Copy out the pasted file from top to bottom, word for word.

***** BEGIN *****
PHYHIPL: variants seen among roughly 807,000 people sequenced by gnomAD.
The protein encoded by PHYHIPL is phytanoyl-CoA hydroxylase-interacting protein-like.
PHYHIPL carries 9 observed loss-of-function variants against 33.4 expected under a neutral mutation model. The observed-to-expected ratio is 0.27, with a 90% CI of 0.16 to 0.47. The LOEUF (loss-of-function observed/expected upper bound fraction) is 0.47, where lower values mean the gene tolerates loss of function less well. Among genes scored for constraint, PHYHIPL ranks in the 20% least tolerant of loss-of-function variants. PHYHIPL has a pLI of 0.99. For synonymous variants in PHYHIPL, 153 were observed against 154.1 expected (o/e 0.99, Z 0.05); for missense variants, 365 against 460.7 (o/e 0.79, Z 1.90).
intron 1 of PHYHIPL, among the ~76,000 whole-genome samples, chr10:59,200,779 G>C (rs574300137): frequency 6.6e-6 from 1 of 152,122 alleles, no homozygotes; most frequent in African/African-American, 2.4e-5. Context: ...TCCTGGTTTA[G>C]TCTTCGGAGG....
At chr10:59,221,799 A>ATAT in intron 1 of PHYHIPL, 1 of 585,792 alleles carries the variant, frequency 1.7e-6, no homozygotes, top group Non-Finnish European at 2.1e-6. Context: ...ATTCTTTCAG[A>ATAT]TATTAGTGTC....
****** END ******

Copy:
PHYHIPL: variants seen among roughly 807,000 people sequenced by gnomAD.
The protein encoded by PHYHIPL is phytanoyl-CoA hydroxylase-interacting protein-like.
PHYHIPL carries 9 observed loss-of-function variants against 33.4 expected under a neutral mutation model. The observed-to-expected ratio is 0.27, with a 90% CI of 0.16 to 0.47. The LOEUF (loss-of-function observed/expected upper bound fraction) is 0.47, where lower values mean the gene tolerates loss of function less well. Among genes scored for constraint, PHYHIPL ranks in the 20% least tolerant of loss-of-function variants. PHYHIPL has a pLI of 0.99. For synonymous variants in PHYHIPL, 153 were observed against 154.1 expected (o/e 0.99, Z 0.05); for missense variants, 365 against 460.7 (o/e 0.79, Z 1.90).
intron 1 of PHYHIPL, among the ~76,000 whole-genome samples, chr10:59,200,779 G>C (rs574300137): frequency 6.6e-6 from 1 of 152,122 alleles, no homozygotes; most frequent in African/African-American, 2.4e-5. Context: ...TCCTGGTTTA[G>C]TCTTCGGAGG....
At chr10:59,221,799 A>ATAT in intron 1 of PHYHIPL, 1 of 585,792 alleles carries the variant, frequency 1.7e-6, no homozygotes, top group Non-Finnish European at 2.1e-6. Context: ...ATTCTTTCAG[A>ATAT]TATTAGTGTC....